The U.S. pork industry is facing key challenges in production and trade amid the war in Ukraine, the pandemic, and the Biden Administration’s resistance to new free trade deals. Pandemic bottlenecks and disease threats like African Swine Fever are not the only problems the U.S. pork industry is facing.
National Pork Producers’ President Terry Wolters says input costs are getting aggravated by the war in Ukraine. “Corn was high priced before the war broke out. Those input costs were already on the rise. The impact is next year, in a pretty big way, whether the people of Ukraine get a crop planted and whether that crop can get harvested. I think, a year from now, that future impact is yet to be seen.”
Corn producers here are also facing soaring fertilizer prices, again under supply pressure before the war and made worse by embargoes against Russia, a key producer of fertilizer chemicals. And despite record pork exports last year, NPPC told lawmakers last week that the pork industry is missing a huge trade opportunity. Wolters; “What is now the CPTPP program, we once were in that program as TPP, but the Trump administration pulled out of that program, and so, we are urging to get back into that. Those 11 countries in that trade block represent 55 million consumers.”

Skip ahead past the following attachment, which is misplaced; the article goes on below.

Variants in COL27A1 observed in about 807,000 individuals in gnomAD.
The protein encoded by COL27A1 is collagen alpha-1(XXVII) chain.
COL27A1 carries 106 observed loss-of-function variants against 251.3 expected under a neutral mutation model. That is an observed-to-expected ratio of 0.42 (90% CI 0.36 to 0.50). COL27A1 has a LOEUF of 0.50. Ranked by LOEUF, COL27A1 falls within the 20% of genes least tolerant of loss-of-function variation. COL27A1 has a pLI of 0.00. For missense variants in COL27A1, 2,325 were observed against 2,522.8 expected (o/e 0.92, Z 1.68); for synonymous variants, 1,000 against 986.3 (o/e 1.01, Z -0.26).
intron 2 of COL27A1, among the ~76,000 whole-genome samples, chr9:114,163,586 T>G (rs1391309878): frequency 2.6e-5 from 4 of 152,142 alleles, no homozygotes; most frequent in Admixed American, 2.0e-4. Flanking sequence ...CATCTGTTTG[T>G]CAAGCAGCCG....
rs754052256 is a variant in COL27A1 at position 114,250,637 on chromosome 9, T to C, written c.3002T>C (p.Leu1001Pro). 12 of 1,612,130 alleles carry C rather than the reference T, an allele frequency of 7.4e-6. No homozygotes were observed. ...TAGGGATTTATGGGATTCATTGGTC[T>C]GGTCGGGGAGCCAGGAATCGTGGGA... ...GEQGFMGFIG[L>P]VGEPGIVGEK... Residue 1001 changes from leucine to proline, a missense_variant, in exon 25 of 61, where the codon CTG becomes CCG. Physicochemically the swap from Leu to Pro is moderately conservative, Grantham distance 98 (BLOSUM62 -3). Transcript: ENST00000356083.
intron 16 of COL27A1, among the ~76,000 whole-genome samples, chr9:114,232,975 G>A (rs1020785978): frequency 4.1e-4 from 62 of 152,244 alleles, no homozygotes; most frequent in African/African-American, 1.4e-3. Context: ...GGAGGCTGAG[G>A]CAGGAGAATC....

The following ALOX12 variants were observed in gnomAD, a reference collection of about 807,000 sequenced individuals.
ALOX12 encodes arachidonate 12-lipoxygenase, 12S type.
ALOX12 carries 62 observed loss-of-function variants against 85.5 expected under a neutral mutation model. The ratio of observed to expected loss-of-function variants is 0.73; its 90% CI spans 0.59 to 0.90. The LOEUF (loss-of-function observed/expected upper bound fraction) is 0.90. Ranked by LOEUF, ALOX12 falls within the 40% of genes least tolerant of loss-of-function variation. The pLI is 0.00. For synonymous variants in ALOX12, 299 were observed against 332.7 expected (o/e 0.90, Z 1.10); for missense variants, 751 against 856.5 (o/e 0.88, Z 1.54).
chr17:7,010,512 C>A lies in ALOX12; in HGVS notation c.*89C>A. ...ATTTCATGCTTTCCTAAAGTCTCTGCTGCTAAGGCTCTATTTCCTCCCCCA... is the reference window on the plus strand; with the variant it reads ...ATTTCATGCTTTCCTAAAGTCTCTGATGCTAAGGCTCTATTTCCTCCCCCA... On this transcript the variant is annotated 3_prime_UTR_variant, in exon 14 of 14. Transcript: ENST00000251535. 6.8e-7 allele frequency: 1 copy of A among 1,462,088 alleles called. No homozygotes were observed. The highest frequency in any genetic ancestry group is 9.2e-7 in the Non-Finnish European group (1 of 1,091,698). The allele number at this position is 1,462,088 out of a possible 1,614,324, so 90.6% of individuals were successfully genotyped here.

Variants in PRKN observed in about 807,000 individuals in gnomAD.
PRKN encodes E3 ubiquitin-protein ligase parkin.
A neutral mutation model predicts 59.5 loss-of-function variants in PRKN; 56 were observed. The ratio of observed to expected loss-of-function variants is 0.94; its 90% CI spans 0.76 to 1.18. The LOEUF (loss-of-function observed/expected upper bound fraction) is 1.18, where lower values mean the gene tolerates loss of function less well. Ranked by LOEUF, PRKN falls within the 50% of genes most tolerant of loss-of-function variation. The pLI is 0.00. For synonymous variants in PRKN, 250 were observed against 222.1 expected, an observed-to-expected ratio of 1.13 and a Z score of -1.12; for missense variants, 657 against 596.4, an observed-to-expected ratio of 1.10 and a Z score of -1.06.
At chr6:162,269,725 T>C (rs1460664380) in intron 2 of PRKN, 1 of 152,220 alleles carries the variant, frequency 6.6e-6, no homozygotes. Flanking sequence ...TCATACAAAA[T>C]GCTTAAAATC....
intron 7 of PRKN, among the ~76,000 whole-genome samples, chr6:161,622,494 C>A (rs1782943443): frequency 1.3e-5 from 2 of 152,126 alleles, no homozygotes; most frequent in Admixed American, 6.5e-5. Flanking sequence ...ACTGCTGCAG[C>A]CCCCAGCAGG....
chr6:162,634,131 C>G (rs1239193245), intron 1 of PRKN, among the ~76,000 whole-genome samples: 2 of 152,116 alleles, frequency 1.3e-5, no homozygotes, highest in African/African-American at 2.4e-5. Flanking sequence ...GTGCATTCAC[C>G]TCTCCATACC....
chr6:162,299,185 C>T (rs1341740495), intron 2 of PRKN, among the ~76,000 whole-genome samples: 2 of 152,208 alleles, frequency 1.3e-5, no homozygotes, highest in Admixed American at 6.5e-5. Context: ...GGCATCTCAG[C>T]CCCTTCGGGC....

But White House resistance and party differences in Congress over new trade deals have complicated the issue. Wolters; “On trade, I think you’ve got mixed feelings around trade. I think they recognize that trade is important to the industry, but we obviously have many challenges. It’s a complex issue—there’s no easy answer.”
Another tough issue is immigration reform and the need for more Ag labor for longer periods: an issue made even tougher in an election year.